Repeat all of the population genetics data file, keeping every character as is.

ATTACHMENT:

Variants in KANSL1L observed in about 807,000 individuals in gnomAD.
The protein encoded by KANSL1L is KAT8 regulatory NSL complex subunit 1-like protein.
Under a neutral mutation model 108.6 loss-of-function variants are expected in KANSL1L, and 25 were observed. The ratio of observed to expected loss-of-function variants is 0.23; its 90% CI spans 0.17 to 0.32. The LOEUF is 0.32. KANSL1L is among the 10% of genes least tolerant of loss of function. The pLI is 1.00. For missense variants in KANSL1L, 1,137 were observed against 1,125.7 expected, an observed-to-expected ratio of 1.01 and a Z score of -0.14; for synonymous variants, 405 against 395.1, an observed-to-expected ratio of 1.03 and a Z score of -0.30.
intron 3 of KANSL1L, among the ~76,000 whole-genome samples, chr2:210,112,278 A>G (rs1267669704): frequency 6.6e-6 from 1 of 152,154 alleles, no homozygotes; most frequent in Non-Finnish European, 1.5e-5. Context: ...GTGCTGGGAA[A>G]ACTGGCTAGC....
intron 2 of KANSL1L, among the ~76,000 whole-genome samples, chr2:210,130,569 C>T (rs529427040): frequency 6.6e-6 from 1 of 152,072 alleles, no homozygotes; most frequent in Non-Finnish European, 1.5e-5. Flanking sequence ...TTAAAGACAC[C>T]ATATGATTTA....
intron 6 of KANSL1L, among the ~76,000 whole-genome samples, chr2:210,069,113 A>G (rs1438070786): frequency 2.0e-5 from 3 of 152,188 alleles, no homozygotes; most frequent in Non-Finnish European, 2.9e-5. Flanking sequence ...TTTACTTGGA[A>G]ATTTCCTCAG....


Variants in KANSL1L observed in about 807,000 individuals in gnomAD.
The protein encoded by KANSL1L is KAT8 regulatory NSL complex subunit 1-like protein.
Under a neutral mutation model 108.6 loss-of-function variants are expected in KANSL1L, and 25 were observed. The ratio of observed to expected loss-of-function variants is 0.23; its 90% CI spans 0.17 to 0.32. The LOEUF is 0.32. KANSL1L is among the 10% of genes least tolerant of loss of function. The pLI is 1.00. For missense variants in KANSL1L, 1,137 were observed against 1,125.7 expected, an observed-to-expected ratio of 1.01 and a Z score of -0.14; for synonymous variants, 405 against 395.1, an observed-to-expected ratio of 1.03 and a Z score of -0.30.
intron 3 of KANSL1L, among the ~76,000 whole-genome samples, chr2:210,112,278 A>G (rs1267669704): frequency 6.6e-6 from 1 of 152,154 alleles, no homozygotes; most frequent in Non-Finnish European, 1.5e-5. Context: ...GTGCTGGGAA[A>G]ACTGGCTAGC....
intron 2 of KANSL1L, among the ~76,000 whole-genome samples, chr2:210,130,569 C>T (rs529427040): frequency 6.6e-6 from 1 of 152,072 alleles, no homozygotes; most frequent in Non-Finnish European, 1.5e-5. Flanking sequence ...TTAAAGACAC[C>T]ATATGATTTA....
intron 6 of KANSL1L, among the ~76,000 whole-genome samples, chr2:210,069,113 A>G (rs1438070786): frequency 2.0e-5 from 3 of 152,188 alleles, no homozygotes; most frequent in Non-Finnish European, 2.9e-5. Flanking sequence ...TTTACTTGGA[A>G]ATTTCCTCAG....